Exploring Buy-to-Let Ownership: Personal vs. Company Structure

What is the most tax-efficient way to property buy-to-let ownership?

Personally, or via a company? 

What are the income and Corporation Tax, CGT, IHT, ATED, SDLT or VAT issues?

With tips on profit extraction and other planning points, case studies and links to further guidance.

(Read Time: Approx. 4 minutes)

Topics Discussed:

  • Company-owned buy-to-lets offer tax benefits and can act as pension alternatives.
  • Investment companies facilitate family income sharing and inheritance tax planning.

Corporate money box/alternative to a pension

A property investment company may have the potential to be used as a tax-efficient vehicle: a personal ‘money box’ or as an alternative to a private pension pot.

  • Profits can be retained by the company, without triggering further tax charges.

  • The rate of Corporation Tax paid is lower than higher rates of Income Tax.
    • The main rate of Corporation Tax increased to 25% from April 2023. This applies from profits of £50,000, with marginal relief to profits of £250,000. 

  • Retained profits can be re-invested in the company’s own name.

  • When the funds are required, for example, at retirement, the owner may have a tax advantage if they are a non-taxpayer or basic rate taxpayer. 

  • The amounts withdrawn can be planned and controlled to ensure maximum tax extraction efficiency.

  • From 2016-17, changes to dividend tax affect profit extraction by company owners. These may be an advantage in some family investment companies:
    • A £1,000 dividend allowance (reduced from £5,000 to £2,000 for 2018-19 to 2022-23). Finance Act 2023 provides for this to be reduced again to £500 from April 2024.
    • Three dividend tax bands apply: 8.75%, 33.75% and 39.35% from 6 April 2022. These were 7.5%, 32.5% and 38.1% to 5 April 2022.
    • Dividends received by pensions and ISAs are unaffected.

Bringing in the family

A property investment company can also be used as a means to provide an income to other family members, in addition to providing an IHT planning structure. Some key advantages of this are:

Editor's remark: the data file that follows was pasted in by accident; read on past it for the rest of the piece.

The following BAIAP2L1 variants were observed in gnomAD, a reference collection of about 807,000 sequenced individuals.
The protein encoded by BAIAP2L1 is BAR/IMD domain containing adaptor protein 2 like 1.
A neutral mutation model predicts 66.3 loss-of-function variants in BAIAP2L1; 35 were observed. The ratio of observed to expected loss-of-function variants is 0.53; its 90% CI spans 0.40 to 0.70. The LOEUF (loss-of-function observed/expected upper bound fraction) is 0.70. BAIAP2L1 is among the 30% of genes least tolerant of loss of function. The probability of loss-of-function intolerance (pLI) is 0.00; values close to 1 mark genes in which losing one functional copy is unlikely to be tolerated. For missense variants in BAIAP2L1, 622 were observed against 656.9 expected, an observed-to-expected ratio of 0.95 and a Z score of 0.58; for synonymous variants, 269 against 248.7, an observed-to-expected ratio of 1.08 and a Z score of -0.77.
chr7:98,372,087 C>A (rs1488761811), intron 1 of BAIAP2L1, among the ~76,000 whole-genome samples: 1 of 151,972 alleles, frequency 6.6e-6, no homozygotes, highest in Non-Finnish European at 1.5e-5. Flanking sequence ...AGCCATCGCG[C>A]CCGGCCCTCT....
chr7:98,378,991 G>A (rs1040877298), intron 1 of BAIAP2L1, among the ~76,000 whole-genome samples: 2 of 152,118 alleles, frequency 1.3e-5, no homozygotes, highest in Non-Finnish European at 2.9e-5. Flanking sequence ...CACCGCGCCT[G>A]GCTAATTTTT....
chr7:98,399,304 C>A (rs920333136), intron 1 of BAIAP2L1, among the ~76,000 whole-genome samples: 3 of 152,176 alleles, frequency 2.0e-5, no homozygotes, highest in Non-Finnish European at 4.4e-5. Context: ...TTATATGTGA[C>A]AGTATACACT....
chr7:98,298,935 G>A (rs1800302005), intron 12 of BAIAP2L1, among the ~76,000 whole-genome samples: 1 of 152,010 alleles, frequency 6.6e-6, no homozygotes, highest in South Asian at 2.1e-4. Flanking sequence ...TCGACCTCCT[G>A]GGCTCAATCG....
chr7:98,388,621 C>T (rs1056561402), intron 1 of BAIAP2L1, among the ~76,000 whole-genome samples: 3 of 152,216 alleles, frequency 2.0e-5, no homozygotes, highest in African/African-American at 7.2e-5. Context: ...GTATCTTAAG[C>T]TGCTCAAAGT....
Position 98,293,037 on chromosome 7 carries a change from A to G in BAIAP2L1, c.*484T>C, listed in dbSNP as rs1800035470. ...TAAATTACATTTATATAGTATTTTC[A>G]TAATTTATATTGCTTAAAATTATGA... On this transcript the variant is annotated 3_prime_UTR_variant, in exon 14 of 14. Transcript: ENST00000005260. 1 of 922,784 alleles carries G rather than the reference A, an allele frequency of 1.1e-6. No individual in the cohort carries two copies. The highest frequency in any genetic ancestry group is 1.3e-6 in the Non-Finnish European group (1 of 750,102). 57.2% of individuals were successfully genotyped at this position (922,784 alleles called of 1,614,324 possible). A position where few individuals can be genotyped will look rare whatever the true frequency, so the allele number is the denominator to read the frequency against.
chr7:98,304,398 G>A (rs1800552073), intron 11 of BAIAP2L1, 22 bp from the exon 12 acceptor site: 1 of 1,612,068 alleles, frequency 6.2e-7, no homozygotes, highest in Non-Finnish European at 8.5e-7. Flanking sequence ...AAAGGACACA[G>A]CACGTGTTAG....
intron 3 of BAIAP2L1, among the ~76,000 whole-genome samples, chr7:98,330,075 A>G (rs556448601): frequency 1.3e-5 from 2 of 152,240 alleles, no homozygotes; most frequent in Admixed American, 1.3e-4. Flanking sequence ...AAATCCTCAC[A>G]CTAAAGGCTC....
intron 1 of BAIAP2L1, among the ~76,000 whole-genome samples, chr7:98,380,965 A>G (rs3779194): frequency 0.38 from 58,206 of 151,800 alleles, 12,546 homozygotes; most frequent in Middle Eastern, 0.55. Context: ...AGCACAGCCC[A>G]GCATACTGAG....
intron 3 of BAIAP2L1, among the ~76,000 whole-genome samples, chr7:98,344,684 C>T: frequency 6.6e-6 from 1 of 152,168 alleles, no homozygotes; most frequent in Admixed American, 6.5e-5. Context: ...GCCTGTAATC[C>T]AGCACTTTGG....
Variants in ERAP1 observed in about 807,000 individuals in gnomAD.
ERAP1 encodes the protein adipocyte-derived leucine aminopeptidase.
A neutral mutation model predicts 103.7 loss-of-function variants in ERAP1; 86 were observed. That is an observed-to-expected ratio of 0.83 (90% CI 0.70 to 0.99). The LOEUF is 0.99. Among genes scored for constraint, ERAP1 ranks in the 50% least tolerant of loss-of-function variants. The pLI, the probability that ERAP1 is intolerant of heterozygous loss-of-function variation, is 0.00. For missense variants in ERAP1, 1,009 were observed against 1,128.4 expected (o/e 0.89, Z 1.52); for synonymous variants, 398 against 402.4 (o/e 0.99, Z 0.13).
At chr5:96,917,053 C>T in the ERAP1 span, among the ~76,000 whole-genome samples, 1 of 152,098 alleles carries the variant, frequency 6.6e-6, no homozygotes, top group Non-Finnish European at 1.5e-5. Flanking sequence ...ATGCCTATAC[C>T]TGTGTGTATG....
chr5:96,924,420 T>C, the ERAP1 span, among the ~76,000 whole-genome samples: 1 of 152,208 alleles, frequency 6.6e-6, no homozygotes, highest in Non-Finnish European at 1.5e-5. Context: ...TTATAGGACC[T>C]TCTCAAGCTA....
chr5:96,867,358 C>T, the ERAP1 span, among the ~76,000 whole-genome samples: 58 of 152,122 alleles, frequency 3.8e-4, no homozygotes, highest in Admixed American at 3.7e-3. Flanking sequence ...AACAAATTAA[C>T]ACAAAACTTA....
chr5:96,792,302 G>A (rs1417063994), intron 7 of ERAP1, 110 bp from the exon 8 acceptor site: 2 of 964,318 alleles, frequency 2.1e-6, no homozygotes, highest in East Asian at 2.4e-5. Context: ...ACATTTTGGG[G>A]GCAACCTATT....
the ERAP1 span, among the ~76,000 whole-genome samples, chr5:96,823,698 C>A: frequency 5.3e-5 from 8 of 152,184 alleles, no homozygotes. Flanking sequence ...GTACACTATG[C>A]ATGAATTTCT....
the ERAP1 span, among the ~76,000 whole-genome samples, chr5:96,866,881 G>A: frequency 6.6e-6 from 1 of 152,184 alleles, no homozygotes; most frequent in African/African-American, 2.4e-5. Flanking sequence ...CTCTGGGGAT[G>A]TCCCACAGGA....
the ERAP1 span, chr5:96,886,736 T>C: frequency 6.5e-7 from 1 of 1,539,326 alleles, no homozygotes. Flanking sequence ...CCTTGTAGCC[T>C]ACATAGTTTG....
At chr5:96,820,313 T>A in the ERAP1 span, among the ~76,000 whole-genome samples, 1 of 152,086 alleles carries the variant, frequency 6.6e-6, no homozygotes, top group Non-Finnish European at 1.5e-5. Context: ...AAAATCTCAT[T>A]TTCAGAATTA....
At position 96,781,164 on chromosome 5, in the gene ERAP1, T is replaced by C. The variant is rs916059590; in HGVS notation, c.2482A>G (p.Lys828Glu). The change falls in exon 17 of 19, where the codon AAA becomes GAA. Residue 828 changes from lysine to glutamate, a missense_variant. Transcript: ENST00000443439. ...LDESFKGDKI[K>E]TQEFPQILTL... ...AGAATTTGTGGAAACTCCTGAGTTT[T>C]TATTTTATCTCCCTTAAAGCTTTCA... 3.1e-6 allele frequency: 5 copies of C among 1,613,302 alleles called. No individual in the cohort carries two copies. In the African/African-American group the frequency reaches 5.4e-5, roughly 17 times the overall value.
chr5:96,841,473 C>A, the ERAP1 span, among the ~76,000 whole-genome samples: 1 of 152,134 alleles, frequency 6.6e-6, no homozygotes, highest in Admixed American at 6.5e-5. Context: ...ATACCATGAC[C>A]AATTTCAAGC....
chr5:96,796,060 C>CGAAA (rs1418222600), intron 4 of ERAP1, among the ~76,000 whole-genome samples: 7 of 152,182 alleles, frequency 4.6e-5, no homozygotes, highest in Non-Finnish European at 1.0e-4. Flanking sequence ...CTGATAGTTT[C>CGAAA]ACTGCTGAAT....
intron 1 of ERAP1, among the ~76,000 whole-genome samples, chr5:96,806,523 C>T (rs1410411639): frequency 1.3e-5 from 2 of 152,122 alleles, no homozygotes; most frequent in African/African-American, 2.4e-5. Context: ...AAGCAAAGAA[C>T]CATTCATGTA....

• You may give shares to family members: this may be done gradually, using CGT annual exemptions.

  • You can use the company to maximise efficiency by using multiple personal allowances and basic rate bands.  Care should be taken if shifting income to minor children,

  • Changes to dividend taxation including the tax-free dividend band (£2,000 for 2018-19 to 5 April 2023, £1,000 for 2023-24) make it attractive to bring in family members as shareholders of investment companies.

  • You can provide for expenditure in a tax-efficient way, for example, school or university fees.

  • Family members can be encouraged to take an active part in the running of the company.

  • Control can gradually be passed down to children or grandchildren.

  • Gifts of shares to family members will be subject to CGT but are IHT Potentially Exempt Transfers (PETs) and therefore could reduce your taxable estate for IHT purposes if you survive seven years from the date of the gift.

  • CGT holdover relief is available for transfers into certain trusts.

Taking matters a step further, this can also be a very powerful way of sheltering assets from IHT:

  • You could set the shareholding up in a way that gives you control, but only a minimal legal interest, taking the bulk of the value out of your estate after seven years.

  • The assets that do not form part of your estate are not subject to probate: this can help to simplify matters for your executors.

  • You can retain decision-making power and direct the investment strategy.

  • You can consider using the profits to make other investments, which are tax-efficient in a company structure.

Some family investment company structures can become complex and special attention is required in order to draft the company’s Articles and to fully document and register any changes in ownership.

New property business

  • Choice of a suitable business structure from the outset is important as it is expensive to restructure any land and property-based business due to, for example:
    • The high legal costs of transferring property.
    • Stamp Duty Land Tax (SDLT), Land Transaction Tax (LTT) in Wales or Land and Buildings Transaction Tax (LBTT) in Scotland.
    • Potential CGT charges.
  • Joint property owners may avoid SDLT if they trade via a Limited Liability Partnership (LLP) or established partnership, however not without significant compliance costs and other factors that should be considered, e.g. wills, elections, land registry, mortgages.
  • Funding and using a company structure from the start would avoid a second SDLT or equivalent charge and legal fees on a later transfer to a company without the need to use an LLP.

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Kind regards,

Ilyas Patel